Poseidon Parameter Generation
The problem of Poseidon parameter generation is to pick secure choices for the parameters used in the permutation given the field, desired security level in bits, as well as the width of the hash function one wants to instantiate (i.e. 1:1 hash, 2:1 hash, etc.).
Poseidon parameters consist of:
- Choice of S-box: choosing the exponent for the S-box layer where ,
- Round numbers: the numbers of partial and full rounds,
- Round constants: the constants to be added in the
- MDS Matrix: generating a Maximum Distance Separable (MDS) matrix to use in the linear layer, where we multiply this matrix by the internal state.
Appendix B of the Poseidon paper provides sample implementations of both the Poseidon
permutation as well as parameter generation. There is a Python script called
calc_round_numbers.py which provides the round numbers given the security level
, the width of the hash function , as well as the choice of used
in the S-box step. There is also a Sage script, which generates the round numbers,
constants, and MDS matrix, given the security level , the width of the hash
function , as well as the choice of used in the S-box step.
Since the publication of the Poseidon paper, others have edited these scripts, resulting in a number of implementations being in use derived from these initial scripts. We elected to implement Poseidon parameter generation in Rust from the paper, checking each step, and additionally automating the S-box parameter selection step such that one can provide only the modulus of a prime field and the best will be selected.
Below we describe where we deviate from the parameter selection procedure described in the text of the Poseidon paper.
Choice of S-Box
The Poseidon paper focuses on the cases where , as well as BLS12-381 and BN254. For a choice of positive , it must satisfy , where is the prime modulus.
For our use of Poseidon on BLS12-377, we wanted to generate a procedure for selecting the optimal for a general curve, which we describe below.
We prefer small, positive for software (non-circuit) performance, only using when we are unable to find an appropriate positive . For positive , the number of constraints in an arithmetic circuit per S-Box is equal to its depth in a tree of shortest addition chains. For a given number of constraints (i.e. at a given depth in the tree), we pick the largest at that level that meets the GCD requirement. Since larger provides more security, choosing the largest at a given depth reduces the round requirement.
The procedure in detail:
We proceed down the tree from depth 2 to depth 5 (where depth 0 is the root of 1):
- At a given depth, proceed from largest number to smaller numbers.
- For a given element, check if is satisfied. If yes, we choose it, else continue.
If we get through these checks to depth of 5 without finding a positive exponent for , then we pick , which is well-studied in the original Poseidon paper.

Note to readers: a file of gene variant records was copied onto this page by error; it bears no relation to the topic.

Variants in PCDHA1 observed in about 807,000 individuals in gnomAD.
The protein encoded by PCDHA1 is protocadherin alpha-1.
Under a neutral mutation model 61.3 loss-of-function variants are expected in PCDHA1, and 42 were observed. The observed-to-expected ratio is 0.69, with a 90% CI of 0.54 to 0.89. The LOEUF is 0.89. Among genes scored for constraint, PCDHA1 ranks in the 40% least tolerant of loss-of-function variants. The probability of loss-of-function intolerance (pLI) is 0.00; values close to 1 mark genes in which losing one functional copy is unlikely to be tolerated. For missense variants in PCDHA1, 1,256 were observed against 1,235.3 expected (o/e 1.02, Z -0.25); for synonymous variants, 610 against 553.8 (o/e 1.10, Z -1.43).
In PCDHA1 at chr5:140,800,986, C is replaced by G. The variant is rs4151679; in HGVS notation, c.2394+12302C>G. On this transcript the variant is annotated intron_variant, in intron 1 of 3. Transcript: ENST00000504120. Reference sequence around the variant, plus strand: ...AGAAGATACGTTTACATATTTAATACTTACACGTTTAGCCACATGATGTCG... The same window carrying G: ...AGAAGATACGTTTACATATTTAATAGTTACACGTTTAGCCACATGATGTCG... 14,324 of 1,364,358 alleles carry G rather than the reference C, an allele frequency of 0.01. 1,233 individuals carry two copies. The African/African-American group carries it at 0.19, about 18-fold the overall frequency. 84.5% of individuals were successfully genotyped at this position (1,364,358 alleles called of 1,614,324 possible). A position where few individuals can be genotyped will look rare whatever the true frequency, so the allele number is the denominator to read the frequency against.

decaf377, following this procedure we end up with .
We implement the round numbers as described in the original paper. These are the number of rounds necessary to resist known attacks in the literature, plus a security margin of +2 full rounds, and +7.5% partial rounds.
We test our round number calculations with tests from Appendices G and H from the paper which contain concrete instantiations of Poseidon for and their round numbers.
We do not use the Grain LFSR for generating pseudorandom numbers as described in Appendix F of the original paper. Instead, we use a Merlin transcript to enable parameter generation to be fully deterministic and easily reproducible.
We first append the message
"poseidon-paramgen" to the transcript
We then bind this transcript to the input parameter choices:
- the width of the hash function using label
- the security level using label
- the modulus of the prime field using label
We then also bind the transcript to the specific instance, as done with the Grain LFSR in Appendix F, so we bind to:
- the number of full rounds using label
- the number of partial rounds using label
- the choice of S-box exponent using label
We generate random field elements from hashes of this complete transcript of all the input parameters and the derived parameters , , and .
Each round constant is generated by obtaining challenge bytes from the Merlin transcript, derived
round-constant. We obtain bytes where is the
field size in bits. These bytes are then interpreted as an unsigned little-endian
integer reduced modulo the field.
We generate MDS matrices using the Cauchy method. However instead of randomly sampling the field as described in the text, we deterministically generate vectors and as:
Each element of the matrix is then constructed as:
This deterministic matrix generation method has been verified to be safe over the
base field of
decaf377, using algorithms 1-3 described in Grassi, Rechberger
and Schofnegger 2020 over the
t range 1-100.
The parameters that are used for
poseidon377 are located in the
module of the source code. The parameters were generated on an Apple M1.